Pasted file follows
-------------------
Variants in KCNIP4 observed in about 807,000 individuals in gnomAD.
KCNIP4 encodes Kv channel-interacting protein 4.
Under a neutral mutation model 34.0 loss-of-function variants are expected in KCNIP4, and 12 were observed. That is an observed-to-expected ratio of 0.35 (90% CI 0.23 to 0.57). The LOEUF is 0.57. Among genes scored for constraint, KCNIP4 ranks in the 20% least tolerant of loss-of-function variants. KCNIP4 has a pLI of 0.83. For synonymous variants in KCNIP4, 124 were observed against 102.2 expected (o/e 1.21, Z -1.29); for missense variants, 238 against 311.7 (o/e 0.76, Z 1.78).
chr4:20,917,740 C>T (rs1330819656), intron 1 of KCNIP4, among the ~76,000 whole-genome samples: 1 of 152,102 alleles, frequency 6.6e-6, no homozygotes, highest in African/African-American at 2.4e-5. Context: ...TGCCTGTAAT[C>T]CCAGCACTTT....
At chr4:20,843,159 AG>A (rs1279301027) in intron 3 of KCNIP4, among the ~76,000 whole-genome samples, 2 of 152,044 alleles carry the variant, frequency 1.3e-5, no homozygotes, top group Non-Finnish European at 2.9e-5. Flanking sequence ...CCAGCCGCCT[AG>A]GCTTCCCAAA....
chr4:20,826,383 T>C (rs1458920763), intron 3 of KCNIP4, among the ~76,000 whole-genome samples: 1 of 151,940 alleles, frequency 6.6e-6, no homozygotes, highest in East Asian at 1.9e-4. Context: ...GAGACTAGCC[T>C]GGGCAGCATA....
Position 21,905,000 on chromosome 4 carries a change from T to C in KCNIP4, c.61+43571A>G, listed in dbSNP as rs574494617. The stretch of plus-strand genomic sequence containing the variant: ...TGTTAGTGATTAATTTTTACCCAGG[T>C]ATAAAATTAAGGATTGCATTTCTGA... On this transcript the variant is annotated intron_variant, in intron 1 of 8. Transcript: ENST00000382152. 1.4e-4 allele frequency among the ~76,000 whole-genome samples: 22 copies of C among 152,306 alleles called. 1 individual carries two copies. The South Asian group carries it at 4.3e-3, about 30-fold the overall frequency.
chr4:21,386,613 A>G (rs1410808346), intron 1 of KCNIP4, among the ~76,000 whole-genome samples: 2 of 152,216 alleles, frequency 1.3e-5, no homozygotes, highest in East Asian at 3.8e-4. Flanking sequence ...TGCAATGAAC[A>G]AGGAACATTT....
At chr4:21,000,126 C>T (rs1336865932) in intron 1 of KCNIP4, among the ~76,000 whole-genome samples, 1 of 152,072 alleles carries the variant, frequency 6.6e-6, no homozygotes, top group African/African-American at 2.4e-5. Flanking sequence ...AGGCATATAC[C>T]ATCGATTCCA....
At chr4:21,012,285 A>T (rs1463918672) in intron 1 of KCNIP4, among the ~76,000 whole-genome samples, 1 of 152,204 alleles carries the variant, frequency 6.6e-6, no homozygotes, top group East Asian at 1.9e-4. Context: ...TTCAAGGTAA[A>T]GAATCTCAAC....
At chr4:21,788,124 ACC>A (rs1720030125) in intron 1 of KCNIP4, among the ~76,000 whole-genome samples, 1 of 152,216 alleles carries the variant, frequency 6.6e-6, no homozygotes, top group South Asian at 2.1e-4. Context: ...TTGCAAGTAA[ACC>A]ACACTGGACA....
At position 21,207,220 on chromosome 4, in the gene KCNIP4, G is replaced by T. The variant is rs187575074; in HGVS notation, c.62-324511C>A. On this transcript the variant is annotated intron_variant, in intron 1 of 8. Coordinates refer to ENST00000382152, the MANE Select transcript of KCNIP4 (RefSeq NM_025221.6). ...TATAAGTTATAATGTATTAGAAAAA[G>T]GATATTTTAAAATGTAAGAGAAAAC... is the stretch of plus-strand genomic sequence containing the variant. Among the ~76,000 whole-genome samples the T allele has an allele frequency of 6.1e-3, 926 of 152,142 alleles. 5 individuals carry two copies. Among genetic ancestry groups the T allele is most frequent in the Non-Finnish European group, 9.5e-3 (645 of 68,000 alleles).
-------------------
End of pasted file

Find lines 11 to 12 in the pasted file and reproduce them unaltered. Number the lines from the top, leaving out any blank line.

At chr4:21,788,124 ACC>A (rs1720030125) in intron 1 of KCNIP4, among the ~76,000 whole-genome samples, 1 of 152,216 alleles carries the variant, frequency 6.6e-6, no homozygotes, top group South Asian at 2.1e-4. Context: ...TTGCAAGTAA[ACC>A]ACACTGGACA....
At position 21,207,220 on chromosome 4, in the gene KCNIP4, G is replaced by T. The variant is rs187575074; in HGVS notation, c.62-324511C>A. On this transcript the variant is annotated intron_variant, in intron 1 of 8. Coordinates refer to ENST00000382152, the MANE Select transcript of KCNIP4 (RefSeq NM_025221.6). ...TATAAGTTATAATGTATTAGAAAAA[G>T]GATATTTTAAAATGTAAGAGAAAAC... is the stretch of plus-strand genomic sequence containing the variant. Among the ~76,000 whole-genome samples the T allele has an allele frequency of 6.1e-3, 926 of 152,142 alleles. 5 individuals carry two copies. Among genetic ancestry groups the T allele is most frequent in the Non-Finnish European group, 9.5e-3 (645 of 68,000 alleles).